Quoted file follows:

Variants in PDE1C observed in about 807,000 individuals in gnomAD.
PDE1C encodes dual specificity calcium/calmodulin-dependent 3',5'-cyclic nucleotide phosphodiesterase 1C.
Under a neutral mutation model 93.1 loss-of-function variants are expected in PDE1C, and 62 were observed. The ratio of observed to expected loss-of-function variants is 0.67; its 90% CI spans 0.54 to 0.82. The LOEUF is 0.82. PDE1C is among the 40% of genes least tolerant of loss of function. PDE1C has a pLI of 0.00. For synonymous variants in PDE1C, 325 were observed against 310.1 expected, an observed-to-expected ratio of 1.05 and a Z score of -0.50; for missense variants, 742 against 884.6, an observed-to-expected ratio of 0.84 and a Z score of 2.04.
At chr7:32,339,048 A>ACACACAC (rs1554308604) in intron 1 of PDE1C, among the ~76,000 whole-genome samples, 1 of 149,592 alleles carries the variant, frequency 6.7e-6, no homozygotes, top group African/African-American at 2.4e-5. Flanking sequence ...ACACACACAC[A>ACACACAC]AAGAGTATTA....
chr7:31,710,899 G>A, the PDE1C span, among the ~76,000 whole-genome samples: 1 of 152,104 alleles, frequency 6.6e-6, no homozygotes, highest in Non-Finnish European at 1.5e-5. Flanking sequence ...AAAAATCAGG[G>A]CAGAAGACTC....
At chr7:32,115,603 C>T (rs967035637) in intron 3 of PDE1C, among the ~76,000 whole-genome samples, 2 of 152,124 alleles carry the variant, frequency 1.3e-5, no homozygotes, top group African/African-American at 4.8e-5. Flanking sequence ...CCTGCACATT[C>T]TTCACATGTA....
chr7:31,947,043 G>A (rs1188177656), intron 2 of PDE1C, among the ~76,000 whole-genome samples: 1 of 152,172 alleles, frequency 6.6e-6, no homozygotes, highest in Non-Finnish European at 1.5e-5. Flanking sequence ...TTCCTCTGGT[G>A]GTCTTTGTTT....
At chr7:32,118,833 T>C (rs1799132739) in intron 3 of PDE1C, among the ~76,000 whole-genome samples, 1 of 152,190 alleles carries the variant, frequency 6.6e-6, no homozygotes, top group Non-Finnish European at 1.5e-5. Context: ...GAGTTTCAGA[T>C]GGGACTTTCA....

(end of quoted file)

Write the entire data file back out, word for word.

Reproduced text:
Variants in PDE1C observed in about 807,000 individuals in gnomAD.
PDE1C encodes dual specificity calcium/calmodulin-dependent 3',5'-cyclic nucleotide phosphodiesterase 1C.
Under a neutral mutation model 93.1 loss-of-function variants are expected in PDE1C, and 62 were observed. The ratio of observed to expected loss-of-function variants is 0.67; its 90% CI spans 0.54 to 0.82. The LOEUF is 0.82. PDE1C is among the 40% of genes least tolerant of loss of function. PDE1C has a pLI of 0.00. For synonymous variants in PDE1C, 325 were observed against 310.1 expected, an observed-to-expected ratio of 1.05 and a Z score of -0.50; for missense variants, 742 against 884.6, an observed-to-expected ratio of 0.84 and a Z score of 2.04.
At chr7:32,339,048 A>ACACACAC (rs1554308604) in intron 1 of PDE1C, among the ~76,000 whole-genome samples, 1 of 149,592 alleles carries the variant, frequency 6.7e-6, no homozygotes, top group African/African-American at 2.4e-5. Flanking sequence ...ACACACACAC[A>ACACACAC]AAGAGTATTA....
chr7:31,710,899 G>A, the PDE1C span, among the ~76,000 whole-genome samples: 1 of 152,104 alleles, frequency 6.6e-6, no homozygotes, highest in Non-Finnish European at 1.5e-5. Flanking sequence ...AAAAATCAGG[G>A]CAGAAGACTC....
At chr7:32,115,603 C>T (rs967035637) in intron 3 of PDE1C, among the ~76,000 whole-genome samples, 2 of 152,124 alleles carry the variant, frequency 1.3e-5, no homozygotes, top group African/African-American at 4.8e-5. Flanking sequence ...CCTGCACATT[C>T]TTCACATGTA....
chr7:31,947,043 G>A (rs1188177656), intron 2 of PDE1C, among the ~76,000 whole-genome samples: 1 of 152,172 alleles, frequency 6.6e-6, no homozygotes, highest in Non-Finnish European at 1.5e-5. Flanking sequence ...TTCCTCTGGT[G>A]GTCTTTGTTT....
At chr7:32,118,833 T>C (rs1799132739) in intron 3 of PDE1C, among the ~76,000 whole-genome samples, 1 of 152,190 alleles carries the variant, frequency 6.6e-6, no homozygotes, top group Non-Finnish European at 1.5e-5. Context: ...GAGTTTCAGA[T>C]GGGACTTTCA....